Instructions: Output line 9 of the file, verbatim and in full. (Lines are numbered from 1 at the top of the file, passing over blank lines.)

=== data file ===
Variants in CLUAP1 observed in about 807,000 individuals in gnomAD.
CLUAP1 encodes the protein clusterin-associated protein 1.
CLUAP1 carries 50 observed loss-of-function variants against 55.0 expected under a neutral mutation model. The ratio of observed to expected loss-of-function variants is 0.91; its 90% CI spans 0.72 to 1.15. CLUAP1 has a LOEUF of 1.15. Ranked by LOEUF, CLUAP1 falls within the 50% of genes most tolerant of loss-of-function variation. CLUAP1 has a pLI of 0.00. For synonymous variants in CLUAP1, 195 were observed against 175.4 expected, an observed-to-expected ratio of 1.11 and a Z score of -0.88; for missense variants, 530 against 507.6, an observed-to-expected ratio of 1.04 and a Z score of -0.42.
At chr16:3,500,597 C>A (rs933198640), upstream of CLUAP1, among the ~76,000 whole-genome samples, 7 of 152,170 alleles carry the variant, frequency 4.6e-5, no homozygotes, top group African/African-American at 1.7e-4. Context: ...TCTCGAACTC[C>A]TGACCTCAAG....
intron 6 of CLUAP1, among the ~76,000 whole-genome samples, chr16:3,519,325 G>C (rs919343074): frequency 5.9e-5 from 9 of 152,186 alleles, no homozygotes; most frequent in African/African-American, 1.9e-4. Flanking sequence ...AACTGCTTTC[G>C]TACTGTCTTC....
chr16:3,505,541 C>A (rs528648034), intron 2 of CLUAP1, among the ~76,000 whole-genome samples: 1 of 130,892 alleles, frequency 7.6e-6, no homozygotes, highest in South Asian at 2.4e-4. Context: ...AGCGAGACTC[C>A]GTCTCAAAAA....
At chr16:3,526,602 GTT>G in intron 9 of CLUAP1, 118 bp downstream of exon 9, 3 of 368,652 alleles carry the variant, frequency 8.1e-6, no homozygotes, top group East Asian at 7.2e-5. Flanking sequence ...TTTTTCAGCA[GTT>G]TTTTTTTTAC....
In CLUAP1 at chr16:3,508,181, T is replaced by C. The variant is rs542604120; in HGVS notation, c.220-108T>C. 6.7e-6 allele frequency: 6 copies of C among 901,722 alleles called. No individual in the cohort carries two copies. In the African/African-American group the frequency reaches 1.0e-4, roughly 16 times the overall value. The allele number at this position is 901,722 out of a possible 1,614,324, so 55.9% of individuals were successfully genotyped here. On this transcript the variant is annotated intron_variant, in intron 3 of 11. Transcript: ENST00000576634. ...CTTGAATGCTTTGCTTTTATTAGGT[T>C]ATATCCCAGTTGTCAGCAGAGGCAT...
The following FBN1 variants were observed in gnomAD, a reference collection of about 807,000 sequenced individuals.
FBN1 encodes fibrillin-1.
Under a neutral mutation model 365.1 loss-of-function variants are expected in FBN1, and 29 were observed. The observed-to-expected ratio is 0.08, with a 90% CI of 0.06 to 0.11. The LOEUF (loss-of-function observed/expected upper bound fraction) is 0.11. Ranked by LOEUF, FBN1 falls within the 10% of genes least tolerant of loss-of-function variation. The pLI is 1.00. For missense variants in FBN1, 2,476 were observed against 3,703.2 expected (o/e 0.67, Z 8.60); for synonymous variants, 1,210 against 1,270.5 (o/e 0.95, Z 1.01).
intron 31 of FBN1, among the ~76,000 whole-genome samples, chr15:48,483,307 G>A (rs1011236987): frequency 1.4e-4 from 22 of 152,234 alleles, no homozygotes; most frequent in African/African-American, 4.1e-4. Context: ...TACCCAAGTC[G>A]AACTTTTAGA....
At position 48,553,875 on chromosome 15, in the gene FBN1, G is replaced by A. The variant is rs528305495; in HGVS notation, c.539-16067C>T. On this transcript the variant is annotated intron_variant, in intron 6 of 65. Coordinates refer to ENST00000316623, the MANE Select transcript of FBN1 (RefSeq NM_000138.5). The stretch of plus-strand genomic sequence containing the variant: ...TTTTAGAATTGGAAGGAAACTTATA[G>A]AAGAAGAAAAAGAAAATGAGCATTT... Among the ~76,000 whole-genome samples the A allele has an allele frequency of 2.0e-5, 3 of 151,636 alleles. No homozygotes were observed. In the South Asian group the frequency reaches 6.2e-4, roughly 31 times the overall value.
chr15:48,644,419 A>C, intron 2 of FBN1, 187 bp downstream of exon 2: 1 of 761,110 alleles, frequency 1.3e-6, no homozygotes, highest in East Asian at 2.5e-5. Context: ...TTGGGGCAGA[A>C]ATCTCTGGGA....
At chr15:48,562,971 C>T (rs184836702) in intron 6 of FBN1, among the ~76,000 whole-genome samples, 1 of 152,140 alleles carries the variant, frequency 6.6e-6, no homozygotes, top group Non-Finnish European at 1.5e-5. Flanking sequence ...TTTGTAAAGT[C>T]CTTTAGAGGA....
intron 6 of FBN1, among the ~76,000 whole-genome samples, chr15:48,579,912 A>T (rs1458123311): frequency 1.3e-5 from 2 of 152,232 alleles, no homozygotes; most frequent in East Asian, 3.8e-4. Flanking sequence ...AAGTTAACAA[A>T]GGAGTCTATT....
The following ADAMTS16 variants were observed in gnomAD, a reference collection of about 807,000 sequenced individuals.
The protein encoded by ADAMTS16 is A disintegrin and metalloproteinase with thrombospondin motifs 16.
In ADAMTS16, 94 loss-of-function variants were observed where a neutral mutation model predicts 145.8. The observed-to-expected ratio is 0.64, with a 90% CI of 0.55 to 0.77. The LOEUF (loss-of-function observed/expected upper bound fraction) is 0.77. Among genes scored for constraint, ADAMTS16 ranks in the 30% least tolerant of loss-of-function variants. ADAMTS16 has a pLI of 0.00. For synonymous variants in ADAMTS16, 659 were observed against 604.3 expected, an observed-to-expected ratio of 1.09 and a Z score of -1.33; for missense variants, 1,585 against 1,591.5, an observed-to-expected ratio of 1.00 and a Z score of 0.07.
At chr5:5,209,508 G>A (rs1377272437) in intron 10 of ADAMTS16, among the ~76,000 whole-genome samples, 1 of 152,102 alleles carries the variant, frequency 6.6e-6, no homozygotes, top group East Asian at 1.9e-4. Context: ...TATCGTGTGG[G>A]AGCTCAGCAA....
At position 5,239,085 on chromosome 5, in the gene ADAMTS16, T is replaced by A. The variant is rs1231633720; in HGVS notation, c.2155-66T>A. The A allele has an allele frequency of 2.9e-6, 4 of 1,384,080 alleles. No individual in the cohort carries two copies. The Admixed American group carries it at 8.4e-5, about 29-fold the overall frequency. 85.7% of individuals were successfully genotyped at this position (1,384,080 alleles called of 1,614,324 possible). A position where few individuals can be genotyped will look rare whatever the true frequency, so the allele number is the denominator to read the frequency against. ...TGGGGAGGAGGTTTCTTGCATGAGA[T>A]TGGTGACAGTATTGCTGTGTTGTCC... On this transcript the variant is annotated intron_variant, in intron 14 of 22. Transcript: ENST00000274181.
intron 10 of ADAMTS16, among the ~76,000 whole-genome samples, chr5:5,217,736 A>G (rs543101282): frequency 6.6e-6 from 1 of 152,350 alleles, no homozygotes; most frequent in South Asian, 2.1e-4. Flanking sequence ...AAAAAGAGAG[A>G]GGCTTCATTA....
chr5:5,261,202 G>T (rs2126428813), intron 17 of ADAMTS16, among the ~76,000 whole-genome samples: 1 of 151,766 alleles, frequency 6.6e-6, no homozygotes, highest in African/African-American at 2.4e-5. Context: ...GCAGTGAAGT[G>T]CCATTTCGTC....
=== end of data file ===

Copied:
The following FBN1 variants were observed in gnomAD, a reference collection of about 807,000 sequenced individuals.